By far the Government’s biggest failure, though, has to be its flagship academies policy. This has not led to the adoption of traditional methods as liberated schools compete to attract parents empowered by marketization. On the contrary, the Government has given the patients the keys to the asylum. Unshackled and unrestrained, educationalists and teachers – supported by monopolistic academy chains that have been infiltrated by the very same progressive fanatics the Government wanted to neuter – are now freer to impose their destructive dogma on our benighted children. This huge leap of faith was just that: a blind hope that more freedom would lead to a long-awaited return to traditionalism and higher standards. Apart from a few notable exceptions, it hasn’t and it won’t. Children continue to be force-fed a diet of ignorance-inducing progressive bilge that no parent in their right mind would knowingly choose for their offspring.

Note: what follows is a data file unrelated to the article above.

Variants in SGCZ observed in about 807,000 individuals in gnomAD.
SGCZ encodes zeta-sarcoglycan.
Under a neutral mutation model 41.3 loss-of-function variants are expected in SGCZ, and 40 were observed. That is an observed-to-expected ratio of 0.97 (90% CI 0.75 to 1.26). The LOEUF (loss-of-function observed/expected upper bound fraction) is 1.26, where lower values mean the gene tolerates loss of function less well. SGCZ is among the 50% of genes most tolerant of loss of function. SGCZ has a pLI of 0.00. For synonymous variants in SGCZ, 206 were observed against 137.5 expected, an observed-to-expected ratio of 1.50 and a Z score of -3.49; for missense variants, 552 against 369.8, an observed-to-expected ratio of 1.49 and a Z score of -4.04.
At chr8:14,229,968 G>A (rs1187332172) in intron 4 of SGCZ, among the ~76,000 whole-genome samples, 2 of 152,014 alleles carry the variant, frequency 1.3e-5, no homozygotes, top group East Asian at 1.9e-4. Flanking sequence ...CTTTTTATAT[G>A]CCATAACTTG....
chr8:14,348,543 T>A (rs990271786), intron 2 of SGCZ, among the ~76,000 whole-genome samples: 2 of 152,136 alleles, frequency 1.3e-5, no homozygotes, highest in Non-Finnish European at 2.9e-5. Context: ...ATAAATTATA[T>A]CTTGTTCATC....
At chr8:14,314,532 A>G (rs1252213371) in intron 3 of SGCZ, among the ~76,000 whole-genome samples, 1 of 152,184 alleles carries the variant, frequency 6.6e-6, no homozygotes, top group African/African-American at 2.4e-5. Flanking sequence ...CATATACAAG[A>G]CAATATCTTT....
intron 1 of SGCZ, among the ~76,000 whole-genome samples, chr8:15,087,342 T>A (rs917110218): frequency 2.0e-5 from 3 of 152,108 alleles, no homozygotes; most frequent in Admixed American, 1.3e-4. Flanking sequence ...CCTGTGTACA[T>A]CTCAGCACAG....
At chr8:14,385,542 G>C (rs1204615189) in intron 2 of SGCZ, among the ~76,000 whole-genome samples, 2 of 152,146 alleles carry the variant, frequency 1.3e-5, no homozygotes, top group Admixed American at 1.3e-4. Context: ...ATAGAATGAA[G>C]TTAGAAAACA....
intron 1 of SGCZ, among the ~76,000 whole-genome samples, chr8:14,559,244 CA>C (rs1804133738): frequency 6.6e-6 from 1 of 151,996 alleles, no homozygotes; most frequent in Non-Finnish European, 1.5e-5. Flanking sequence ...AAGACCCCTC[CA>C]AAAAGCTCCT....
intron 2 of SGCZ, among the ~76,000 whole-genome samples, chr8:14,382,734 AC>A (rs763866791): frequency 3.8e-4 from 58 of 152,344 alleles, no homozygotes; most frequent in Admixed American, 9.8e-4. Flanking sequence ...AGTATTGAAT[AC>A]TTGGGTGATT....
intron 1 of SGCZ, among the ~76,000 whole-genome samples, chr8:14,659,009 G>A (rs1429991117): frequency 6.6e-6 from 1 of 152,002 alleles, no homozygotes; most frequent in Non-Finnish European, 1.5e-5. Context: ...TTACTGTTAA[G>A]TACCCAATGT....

Meanwhile, teachers now have the worst of all possible worlds. On the one hand we face intense pressure to successfully guide our pupils through the Government’s new, tougher examinations, whilst, on the other, being impelled by our senior leaders to use progressive, inadequate methods to do so. We are being forced to use progressive means to meet traditional ends. And, as if that isn’t bad enough: our performance is being judged by pupil outcomes invariably retarded by the progressive means being prescribed by our superiors. Talk about being caught between a rock and a hard place.
The Government needs to stop ‘nudging’ and start using its democratic mandate to impose reforms that weaken progressivism and embrace traditional educational practices. Such an approach would certainly enjoy the support of parents.
First published on the Conservative Education Society website on 8th July 2016

Tuesday, June 28, 2016

Remainers, be careful what you wish for: another referendum could lead to an even bigger win for Leave